From Tobacco Info No. 3 - November 2010
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Per capita tobacco funding
The Ontario Tobacco Research Unit has released its annual report summarizing government per capita tobacco control funding.
Provincial and territorial government spending summaries per capita for the fiscal year 2009-2010 are reported as: $11.16 in Yukon, $7.82 in NWT; $4.12 in Quebec, $3.28 in Ontario; $2.56 in NS, $1.86 in Nunavut; $1.49 in Nfld & Lab; $1.26 in Saskatchewan; $0.88 in BC; $0.69 in Manitoba and not available in PEI and NB.
For Alberta, an explanatory note states “The amount for Alberta is unavailable due to the transition to Alberta Health Services (AHS); in 2008-2009, Alberta’s commitment was $9,100,000.” (This amounted to $2.54 per capita.)
Customers have come back despite higher prices
In our last edition, we took stock of the increase in the number of taxed cigarettes sold in Canada in 2009 and during the first half of 2010. The decrease in the number of smokers and the maintenance of their average daily consumption led specialists Murray Kaiserman of Health Canada and Rob Cunningham of the Canadian Cancer Society to attribute the increase in sales volume through legal channels, the first since 1996, to a drop in contraband.
To establish a greater degree of certainty, Tobacco Info queried the Statistics Canada data bank on prices. Clearly, the average price of cigarettes not only increased in 2009 and during the first half of 2010, it increased faster than the consumer price index.
The tax hikes in certain provinces by themselves do not explain the price increase. In Quebec, where the total amount of federal and provincial taxes has not budged since December 2003, the increase in the price of cigarettes is due entirely to industry choices.
The Saskatchewan government is following through on its commitment to protect children under age 16 from second-hand smoke in vehicles.
This is one of the provisions that came into effect on October 1 as part of the second round of amendments under The Tobacco Control Amendment Act, 2010. It also included prohibiting smoking in enclosed common areas of multi-unit dwellings and prohibiting smoking within three metres of doorways, windows and air intakes of public buildings.
Other provisions that also came into effect were: prohibiting the sale of little cigars in packages of less than 20; a ban on all outdoor signs that advertise tobacco products and increased restrictions on the use of indoor signs promoting tobacco.
The legislation is implemented in three stages. The provision prohibiting tobacco use on school grounds was proclaimed on August 15. The final stage will occur early in 2011 and will include the provision that prohibits the sale of tobacco in pharmacies.
No smoking in school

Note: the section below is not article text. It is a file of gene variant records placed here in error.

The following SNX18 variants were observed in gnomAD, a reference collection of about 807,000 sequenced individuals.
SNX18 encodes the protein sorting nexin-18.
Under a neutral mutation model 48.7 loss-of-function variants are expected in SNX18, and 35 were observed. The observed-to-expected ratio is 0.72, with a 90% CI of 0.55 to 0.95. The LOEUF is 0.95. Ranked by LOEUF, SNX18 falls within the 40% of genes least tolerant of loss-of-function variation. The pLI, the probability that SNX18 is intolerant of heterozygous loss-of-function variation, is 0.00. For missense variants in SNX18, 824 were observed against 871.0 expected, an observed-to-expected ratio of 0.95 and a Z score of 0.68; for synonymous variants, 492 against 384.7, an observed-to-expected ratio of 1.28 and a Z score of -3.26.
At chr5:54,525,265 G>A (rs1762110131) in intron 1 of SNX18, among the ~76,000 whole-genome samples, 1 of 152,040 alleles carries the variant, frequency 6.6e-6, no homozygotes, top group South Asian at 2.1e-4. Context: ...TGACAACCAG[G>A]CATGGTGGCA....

The College of the North Atlantic has banned smoking on all of its properties in Newfoundland and Labrador. The College’s new smoke-free policy came into effect at the beginning of the school year. The ban includes outdoor field sites, campus grounds and parking lots. The College has 17 campuses across the province.
Other universities and colleges that have 100% smoke-free campuses include: Acadia University (Wolfville, NS); Dalhousie University (Halifax, NS); Holland College (13 locations across PEI); Northern Alberta Institute of Technology (Edmonton and St. Albert, AB); University of Winnipeg (Winnipeg, MB) and Yukon College (Whitehorse, YT).
Protecting your children
Creating a Smoke-Free Environment for Your Children is the title of a 24-minute video dedicated to new or prospective parents and anyone sharing a space with young children on a daily or occasional basis. The documentary reviews the harm done by second-hand smoke, explains strategies to protect one’s family and provides testimonies from people who have already dealt with the problem. The DVD is accompanied by a 16-page facilitator guide with tips for people who would like to start a conversation and precipitate change among groups that may include smokers.
Louise Choquette and Anne Meloche from Health Nexus Resource Centre and the Program Training and Consultation Centre, both funded by the government of Ontario, produced this educational kit. An original French version is available.
According to the Canadian Tobacco Usage Monitoring Survey, 4.6 % of children aged 0-11 and 6.7 % of children aged 0-17 were regularly exposed to environmental tobacco smoke at home in 2009.
On February 19, 2010, the Yukon Territory adopted the Tobacco Product Sales Regulation which restricts the number, size and content of permitted price and availability signs at point of sale. The regulations make explicit that a product list and reference catalogue-like publication is permitted for consultation by customers, a practice seen elsewhere in Canada.
About six trillion cigarettes will be made this year, but few people know where they come from. Stanford anthropologist Matthew Kohrman wants to change that. Using web tools including Google maps, he’s plotted the international whereabouts of more than 300 cigarette factories so far. Their names, addresses and some information about the plants now can easily be found thanks to Kohrman’s Cigarette Citadels project (http/tobaccoresearch.stanford.edu).
The largest clusters of pinpoints are in Europe and Asia. But Africa, Australia and the Americas are home to major manufacturing facilities as well. “This map allows us to have a good understanding of how the tobacco industry has grown, where it has set up shop, where it sees its growth potential and where the big players are,” said Kohrman, who is also a senior fellow at Stanford’s Freeman Spogli Institute for International Studies. “The public has a right to know where cigarette factories are because, as the World Health Organization tells us, the cigarette is the single biggest cause of preventable death right now.”